#465 – The Order of the Phoenix: 27-31

Like every other Harry Potter book things have started to pick as The Order of the Phoenix nears its conclusion. Dumbledore had to flee Hogwarts, the fifth years have taken their O.W.L.S. and Hagrid made his escape after taking down a group of wizards. I am incredibly excited to see how the book ends and know that once I finish The Order of the Phoenix I’ll want to immediately begin The Half-Blood Prince.

Below are some thoughts from chapters 27-31 of The Order of the Phoenix.

Dumbledore

Dumbledore is awesome; he takes out two Aurors, the High Inquisitor, the Minister of Magic, and his Junior Assistant all by himself. Throughout most of The Order of the Phoenix Dumbledore has been rather aloof and disconnected from Harry. I don’t think there will be an answer for his distance in this book, but I imagine there will be in the next book. Sometimes we feel the same way about God that Harry did about Dumbledore. Harry thought that Dumbledore was ignoring him; I’m sure we’ll find out that Dumbledore wasn’t ignoring Harry but keeping his distance for good reason. Sometimes we feel like God is ignoring us but he’s always there, walking with us. We may think he’s being silent but he is always seeking our good in every situation. We just have to trust that our feelings are wrong when we feel like God is far away.

Poor Snape

I still really like Snape and I hope that he does something truly heroic before the series ends. After seeing his memories of being tormented by James Potter and Sirius, I liked him even more. Like a lot of nerds, I got picked on a lot when I was younger. I did anything I could to avoid going to school during the sixth grade because I was so thoroughly harassed. By God’s grace, though, I was able to move beyond the bullying and it doesn’t have any impact on my life today. Unfortunately I don’t think Snape can say the same thing. A lot of his sour attitude seems to stem from his abuse at the hands of James and Sirius. Snape wasn’t able to move beyond the bullying and it affects his attitude and his treatment of Harry. Like Ephesians says, we need to let go of grudges or else they will maintain their grip on us.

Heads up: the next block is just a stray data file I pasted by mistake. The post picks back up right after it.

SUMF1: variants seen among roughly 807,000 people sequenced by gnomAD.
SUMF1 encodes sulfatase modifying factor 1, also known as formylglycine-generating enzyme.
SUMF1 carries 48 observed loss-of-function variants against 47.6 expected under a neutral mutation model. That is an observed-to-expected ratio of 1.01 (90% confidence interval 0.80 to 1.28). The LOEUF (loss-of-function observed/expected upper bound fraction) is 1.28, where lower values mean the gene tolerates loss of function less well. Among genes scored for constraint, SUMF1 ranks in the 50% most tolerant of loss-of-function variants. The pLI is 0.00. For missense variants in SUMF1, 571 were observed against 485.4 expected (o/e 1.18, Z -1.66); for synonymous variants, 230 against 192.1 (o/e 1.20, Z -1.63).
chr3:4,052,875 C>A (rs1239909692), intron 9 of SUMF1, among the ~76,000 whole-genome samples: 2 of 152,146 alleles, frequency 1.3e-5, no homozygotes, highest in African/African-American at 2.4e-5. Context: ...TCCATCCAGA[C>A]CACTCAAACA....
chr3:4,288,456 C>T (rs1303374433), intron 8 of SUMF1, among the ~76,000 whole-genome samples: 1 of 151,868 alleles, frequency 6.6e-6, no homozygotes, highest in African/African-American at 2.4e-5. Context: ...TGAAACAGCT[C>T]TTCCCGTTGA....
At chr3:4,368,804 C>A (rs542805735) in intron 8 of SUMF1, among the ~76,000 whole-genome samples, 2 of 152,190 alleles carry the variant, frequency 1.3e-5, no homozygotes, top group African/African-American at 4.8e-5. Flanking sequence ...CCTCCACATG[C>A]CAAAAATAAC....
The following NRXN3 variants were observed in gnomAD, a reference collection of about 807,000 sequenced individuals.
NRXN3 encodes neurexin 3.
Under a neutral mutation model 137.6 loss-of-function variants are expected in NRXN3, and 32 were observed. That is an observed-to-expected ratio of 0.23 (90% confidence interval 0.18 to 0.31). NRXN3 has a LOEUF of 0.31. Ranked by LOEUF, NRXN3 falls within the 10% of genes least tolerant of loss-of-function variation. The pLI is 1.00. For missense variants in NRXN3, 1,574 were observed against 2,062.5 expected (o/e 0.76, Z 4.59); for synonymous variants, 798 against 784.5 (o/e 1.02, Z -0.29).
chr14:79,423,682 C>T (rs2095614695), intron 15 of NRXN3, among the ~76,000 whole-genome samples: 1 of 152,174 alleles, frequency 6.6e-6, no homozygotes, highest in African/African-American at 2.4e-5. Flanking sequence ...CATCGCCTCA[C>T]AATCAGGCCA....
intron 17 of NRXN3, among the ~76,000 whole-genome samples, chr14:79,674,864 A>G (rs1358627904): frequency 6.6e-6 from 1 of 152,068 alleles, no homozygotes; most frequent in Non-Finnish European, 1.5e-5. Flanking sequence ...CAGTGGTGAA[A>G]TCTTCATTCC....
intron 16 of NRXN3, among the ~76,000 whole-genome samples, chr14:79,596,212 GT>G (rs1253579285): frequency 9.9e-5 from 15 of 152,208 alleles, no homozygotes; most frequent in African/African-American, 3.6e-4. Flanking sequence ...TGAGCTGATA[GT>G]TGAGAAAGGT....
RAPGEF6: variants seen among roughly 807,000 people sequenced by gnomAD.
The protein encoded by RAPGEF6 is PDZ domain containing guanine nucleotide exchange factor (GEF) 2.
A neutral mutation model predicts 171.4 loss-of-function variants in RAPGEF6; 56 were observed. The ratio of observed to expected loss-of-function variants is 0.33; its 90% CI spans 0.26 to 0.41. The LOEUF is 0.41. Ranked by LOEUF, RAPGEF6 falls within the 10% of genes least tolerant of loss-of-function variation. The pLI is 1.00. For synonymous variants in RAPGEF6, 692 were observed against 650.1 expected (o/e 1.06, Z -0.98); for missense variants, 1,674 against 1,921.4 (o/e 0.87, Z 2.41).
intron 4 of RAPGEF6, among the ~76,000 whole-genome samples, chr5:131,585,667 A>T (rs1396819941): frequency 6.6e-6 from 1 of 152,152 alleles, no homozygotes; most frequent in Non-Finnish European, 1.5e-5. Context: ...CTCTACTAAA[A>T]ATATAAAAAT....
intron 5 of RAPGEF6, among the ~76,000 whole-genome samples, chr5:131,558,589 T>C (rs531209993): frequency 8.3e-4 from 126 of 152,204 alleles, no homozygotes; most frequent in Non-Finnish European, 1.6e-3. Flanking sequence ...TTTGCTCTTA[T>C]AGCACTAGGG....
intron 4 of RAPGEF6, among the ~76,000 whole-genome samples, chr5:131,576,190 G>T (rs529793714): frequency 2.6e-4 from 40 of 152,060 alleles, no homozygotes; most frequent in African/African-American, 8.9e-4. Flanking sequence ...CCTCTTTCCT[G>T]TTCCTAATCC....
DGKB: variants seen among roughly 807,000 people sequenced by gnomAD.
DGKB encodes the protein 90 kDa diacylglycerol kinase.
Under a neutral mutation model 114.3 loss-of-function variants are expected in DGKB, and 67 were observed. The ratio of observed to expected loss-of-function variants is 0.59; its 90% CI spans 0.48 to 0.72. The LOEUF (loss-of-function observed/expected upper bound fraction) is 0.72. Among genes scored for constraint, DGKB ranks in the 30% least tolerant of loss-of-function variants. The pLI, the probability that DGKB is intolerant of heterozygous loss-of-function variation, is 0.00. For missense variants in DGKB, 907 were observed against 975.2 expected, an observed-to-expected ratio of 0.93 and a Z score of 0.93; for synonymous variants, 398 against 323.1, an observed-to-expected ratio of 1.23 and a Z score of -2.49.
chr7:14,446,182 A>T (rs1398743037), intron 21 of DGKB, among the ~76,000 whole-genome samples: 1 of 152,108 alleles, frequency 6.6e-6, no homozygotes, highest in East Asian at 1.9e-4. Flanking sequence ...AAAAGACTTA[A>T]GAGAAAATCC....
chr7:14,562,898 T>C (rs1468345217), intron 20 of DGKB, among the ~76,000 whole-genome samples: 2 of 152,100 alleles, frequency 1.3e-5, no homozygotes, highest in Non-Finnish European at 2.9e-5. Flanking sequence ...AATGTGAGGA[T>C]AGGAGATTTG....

James Potter

I didn’t just feel bad for Snape, I also felt bad for Harry. I felt bad that Harry had to see his father as a 15-year-old boy, acting the fool; it shattered Harry’s image of his father. Sirius and Lupin reassure Harry that James grew up and turned into a much more respectable man. I’ve often had the same problem as Harry when it comes to people I’ve known for a long time. If I knew someone when he was 15, I’ll still hold what he did as a teenager against him now that he’s an adult. That’s ridiculous; people grow and change. I was an idiot when I was 15 and I certainly hope no one holds that against me now that I’m 31. People grow and change; they mature and evolve. We should keep that in mind when interacting with people we’ve known for a long time. True, they may have been bullies, jerks or inconsiderate when they were younger, but they may have changed. We should view people as who they are and who they’re becoming, not who they were.

I’m so excited to finish The Order of the Phoenix. I think it has been my favorite of the series so far and Alycia assured me that it’s about to get much better. Depending on how this book ends I might not take a break and try to finish The Half-Blood Prince before the end of the year.

What thoughts do you have from chapters 27-31 of The Order of the Phoenix?

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